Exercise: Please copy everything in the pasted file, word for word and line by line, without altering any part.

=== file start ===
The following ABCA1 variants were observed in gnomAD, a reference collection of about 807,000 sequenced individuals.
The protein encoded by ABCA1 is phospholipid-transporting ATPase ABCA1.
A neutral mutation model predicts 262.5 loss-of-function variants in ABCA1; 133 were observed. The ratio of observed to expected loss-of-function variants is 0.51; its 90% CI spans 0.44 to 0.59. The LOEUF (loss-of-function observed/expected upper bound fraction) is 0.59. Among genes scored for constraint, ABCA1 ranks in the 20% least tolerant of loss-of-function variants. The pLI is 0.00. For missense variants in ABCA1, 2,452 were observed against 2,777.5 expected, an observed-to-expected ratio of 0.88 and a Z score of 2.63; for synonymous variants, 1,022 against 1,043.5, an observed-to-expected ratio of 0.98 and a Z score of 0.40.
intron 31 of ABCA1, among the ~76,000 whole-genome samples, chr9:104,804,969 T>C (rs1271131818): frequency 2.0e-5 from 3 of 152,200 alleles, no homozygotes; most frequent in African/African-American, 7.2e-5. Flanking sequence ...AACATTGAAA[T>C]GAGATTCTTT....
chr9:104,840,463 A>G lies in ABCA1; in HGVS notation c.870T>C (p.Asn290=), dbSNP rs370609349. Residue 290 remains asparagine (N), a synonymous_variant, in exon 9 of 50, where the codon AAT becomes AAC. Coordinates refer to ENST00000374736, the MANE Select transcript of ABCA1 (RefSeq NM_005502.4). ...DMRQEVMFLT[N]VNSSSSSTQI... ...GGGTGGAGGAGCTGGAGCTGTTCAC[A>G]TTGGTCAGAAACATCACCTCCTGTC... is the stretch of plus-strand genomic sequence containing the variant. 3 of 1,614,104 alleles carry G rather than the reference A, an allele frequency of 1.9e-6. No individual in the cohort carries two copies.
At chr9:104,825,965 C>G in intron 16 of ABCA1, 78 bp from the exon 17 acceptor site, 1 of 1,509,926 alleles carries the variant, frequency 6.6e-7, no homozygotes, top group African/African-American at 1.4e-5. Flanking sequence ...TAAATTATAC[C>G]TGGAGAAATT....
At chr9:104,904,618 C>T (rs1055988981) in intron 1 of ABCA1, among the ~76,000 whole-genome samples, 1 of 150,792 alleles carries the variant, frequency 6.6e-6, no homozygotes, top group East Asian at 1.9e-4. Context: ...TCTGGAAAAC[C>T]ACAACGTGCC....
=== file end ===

The following ABCA1 variants were observed in gnomAD, a reference collection of about 807,000 sequenced individuals.
The protein encoded by ABCA1 is phospholipid-transporting ATPase ABCA1.
A neutral mutation model predicts 262.5 loss-of-function variants in ABCA1; 133 were observed. The ratio of observed to expected loss-of-function variants is 0.51; its 90% CI spans 0.44 to 0.59. The LOEUF (loss-of-function observed/expected upper bound fraction) is 0.59. Among genes scored for constraint, ABCA1 ranks in the 20% least tolerant of loss-of-function variants. The pLI is 0.00. For missense variants in ABCA1, 2,452 were observed against 2,777.5 expected, an observed-to-expected ratio of 0.88 and a Z score of 2.63; for synonymous variants, 1,022 against 1,043.5, an observed-to-expected ratio of 0.98 and a Z score of 0.40.
intron 31 of ABCA1, among the ~76,000 whole-genome samples, chr9:104,804,969 T>C (rs1271131818): frequency 2.0e-5 from 3 of 152,200 alleles, no homozygotes; most frequent in African/African-American, 7.2e-5. Flanking sequence ...AACATTGAAA[T>C]GAGATTCTTT....
chr9:104,840,463 A>G lies in ABCA1; in HGVS notation c.870T>C (p.Asn290=), dbSNP rs370609349. Residue 290 remains asparagine (N), a synonymous_variant, in exon 9 of 50, where the codon AAT becomes AAC. Coordinates refer to ENST00000374736, the MANE Select transcript of ABCA1 (RefSeq NM_005502.4). ...DMRQEVMFLT[N]VNSSSSSTQI... ...GGGTGGAGGAGCTGGAGCTGTTCAC[A>G]TTGGTCAGAAACATCACCTCCTGTC... is the stretch of plus-strand genomic sequence containing the variant. 3 of 1,614,104 alleles carry G rather than the reference A, an allele frequency of 1.9e-6. No individual in the cohort carries two copies.
At chr9:104,825,965 C>G in intron 16 of ABCA1, 78 bp from the exon 17 acceptor site, 1 of 1,509,926 alleles carries the variant, frequency 6.6e-7, no homozygotes, top group African/African-American at 1.4e-5. Flanking sequence ...TAAATTATAC[C>G]TGGAGAAATT....
At chr9:104,904,618 C>T (rs1055988981) in intron 1 of ABCA1, among the ~76,000 whole-genome samples, 1 of 150,792 alleles carries the variant, frequency 6.6e-6, no homozygotes, top group East Asian at 1.9e-4. Context: ...TCTGGAAAAC[C>T]ACAACGTGCC....